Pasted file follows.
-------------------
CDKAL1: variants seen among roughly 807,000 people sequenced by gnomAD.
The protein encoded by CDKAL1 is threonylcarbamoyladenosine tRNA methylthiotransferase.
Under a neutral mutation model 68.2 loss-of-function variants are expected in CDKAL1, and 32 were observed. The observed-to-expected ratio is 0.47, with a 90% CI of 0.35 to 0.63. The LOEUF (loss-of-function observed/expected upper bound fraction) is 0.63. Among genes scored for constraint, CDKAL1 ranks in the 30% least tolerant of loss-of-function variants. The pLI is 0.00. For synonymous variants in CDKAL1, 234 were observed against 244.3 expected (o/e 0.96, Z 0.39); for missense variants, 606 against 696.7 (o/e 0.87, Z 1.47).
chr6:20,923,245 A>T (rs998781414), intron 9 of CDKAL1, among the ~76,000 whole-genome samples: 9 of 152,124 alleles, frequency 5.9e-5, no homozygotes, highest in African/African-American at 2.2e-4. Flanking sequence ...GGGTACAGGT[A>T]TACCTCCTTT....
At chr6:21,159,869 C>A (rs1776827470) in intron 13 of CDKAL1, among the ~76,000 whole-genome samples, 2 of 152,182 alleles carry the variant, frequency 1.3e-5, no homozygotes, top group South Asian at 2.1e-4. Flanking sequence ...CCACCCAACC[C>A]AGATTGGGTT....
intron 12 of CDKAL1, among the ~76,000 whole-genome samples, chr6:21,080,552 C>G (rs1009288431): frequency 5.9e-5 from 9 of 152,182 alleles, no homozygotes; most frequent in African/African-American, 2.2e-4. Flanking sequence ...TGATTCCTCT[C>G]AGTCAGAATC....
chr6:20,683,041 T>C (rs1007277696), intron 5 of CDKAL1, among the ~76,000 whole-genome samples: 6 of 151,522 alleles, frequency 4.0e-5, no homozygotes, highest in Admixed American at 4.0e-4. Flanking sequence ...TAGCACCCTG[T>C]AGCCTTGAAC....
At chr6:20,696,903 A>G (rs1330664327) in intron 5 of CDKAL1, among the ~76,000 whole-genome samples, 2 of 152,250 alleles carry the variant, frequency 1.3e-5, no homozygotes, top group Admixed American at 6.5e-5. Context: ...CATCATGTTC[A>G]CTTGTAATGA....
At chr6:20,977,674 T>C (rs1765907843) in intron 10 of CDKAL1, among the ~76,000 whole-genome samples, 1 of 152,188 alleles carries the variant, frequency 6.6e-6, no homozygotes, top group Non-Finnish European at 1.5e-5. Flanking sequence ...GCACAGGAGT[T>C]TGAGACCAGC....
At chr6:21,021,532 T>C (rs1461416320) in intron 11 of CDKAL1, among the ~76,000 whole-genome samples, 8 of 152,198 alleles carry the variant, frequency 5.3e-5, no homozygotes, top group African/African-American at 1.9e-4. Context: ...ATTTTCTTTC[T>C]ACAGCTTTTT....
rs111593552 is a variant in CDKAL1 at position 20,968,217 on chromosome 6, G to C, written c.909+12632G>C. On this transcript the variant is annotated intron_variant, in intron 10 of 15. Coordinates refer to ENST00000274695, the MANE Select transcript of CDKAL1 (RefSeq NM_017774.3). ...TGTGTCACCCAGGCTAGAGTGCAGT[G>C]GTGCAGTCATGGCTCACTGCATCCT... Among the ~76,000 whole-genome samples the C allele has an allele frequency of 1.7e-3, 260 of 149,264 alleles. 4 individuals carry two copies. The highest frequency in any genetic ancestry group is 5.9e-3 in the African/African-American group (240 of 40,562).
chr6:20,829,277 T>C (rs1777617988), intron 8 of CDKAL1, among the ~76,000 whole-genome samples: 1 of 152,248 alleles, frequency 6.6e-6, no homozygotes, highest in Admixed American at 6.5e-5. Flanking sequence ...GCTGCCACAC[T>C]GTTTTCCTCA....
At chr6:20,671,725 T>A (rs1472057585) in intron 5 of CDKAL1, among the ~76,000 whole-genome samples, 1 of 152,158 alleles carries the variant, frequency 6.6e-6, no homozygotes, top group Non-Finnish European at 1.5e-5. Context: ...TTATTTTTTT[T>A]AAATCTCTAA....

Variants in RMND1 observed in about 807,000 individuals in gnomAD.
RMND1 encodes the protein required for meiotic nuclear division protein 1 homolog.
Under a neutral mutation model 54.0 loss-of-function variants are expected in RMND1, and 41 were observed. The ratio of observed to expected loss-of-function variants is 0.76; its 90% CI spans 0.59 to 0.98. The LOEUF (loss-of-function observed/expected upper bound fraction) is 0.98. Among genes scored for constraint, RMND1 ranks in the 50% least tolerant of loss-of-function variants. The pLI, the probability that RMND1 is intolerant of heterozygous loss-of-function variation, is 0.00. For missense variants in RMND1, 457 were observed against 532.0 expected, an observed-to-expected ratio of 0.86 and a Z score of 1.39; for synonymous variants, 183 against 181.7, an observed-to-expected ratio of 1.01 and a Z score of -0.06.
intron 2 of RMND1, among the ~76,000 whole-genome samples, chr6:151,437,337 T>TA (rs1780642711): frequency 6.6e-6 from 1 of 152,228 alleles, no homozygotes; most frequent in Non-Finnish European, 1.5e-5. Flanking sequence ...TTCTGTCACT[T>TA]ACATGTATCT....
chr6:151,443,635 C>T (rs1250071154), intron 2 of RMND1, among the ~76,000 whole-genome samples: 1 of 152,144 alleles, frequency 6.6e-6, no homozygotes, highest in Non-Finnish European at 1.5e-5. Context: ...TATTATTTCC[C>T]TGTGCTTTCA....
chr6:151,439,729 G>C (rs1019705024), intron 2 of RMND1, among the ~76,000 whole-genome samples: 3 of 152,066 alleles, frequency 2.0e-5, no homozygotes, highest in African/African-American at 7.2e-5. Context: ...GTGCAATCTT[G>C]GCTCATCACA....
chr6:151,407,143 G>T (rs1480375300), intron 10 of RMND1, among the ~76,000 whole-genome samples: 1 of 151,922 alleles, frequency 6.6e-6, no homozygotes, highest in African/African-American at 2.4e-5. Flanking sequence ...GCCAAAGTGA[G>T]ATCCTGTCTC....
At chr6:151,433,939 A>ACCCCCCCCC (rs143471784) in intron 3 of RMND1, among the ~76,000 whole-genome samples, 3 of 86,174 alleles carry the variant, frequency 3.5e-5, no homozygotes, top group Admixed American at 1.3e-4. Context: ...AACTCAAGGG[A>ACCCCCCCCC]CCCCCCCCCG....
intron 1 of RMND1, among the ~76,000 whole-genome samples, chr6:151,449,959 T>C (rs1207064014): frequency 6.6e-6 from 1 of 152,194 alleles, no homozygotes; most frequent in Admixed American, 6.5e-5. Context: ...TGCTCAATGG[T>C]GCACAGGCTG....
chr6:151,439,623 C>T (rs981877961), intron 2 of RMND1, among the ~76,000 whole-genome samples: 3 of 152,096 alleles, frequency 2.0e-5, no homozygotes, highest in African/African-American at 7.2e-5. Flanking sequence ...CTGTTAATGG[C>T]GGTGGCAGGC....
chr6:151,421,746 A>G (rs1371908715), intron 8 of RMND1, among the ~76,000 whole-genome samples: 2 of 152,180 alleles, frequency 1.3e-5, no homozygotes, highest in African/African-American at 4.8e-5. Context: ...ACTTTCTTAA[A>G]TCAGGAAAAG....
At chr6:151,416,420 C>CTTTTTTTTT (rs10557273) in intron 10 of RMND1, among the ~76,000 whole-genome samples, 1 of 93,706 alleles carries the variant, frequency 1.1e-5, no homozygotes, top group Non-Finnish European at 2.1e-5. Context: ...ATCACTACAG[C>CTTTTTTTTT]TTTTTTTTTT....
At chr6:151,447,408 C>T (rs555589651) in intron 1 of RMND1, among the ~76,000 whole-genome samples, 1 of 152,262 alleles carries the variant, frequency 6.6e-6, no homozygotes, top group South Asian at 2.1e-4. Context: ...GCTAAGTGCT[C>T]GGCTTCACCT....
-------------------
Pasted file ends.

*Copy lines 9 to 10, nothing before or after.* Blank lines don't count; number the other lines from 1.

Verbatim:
At chr6:20,977,674 T>C (rs1765907843) in intron 10 of CDKAL1, among the ~76,000 whole-genome samples, 1 of 152,188 alleles carries the variant, frequency 6.6e-6, no homozygotes, top group Non-Finnish European at 1.5e-5. Flanking sequence ...GCACAGGAGT[T>C]TGAGACCAGC....
At chr6:21,021,532 T>C (rs1461416320) in intron 11 of CDKAL1, among the ~76,000 whole-genome samples, 8 of 152,198 alleles carry the variant, frequency 5.3e-5, no homozygotes, top group African/African-American at 1.9e-4. Context: ...ATTTTCTTTC[T>C]ACAGCTTTTT....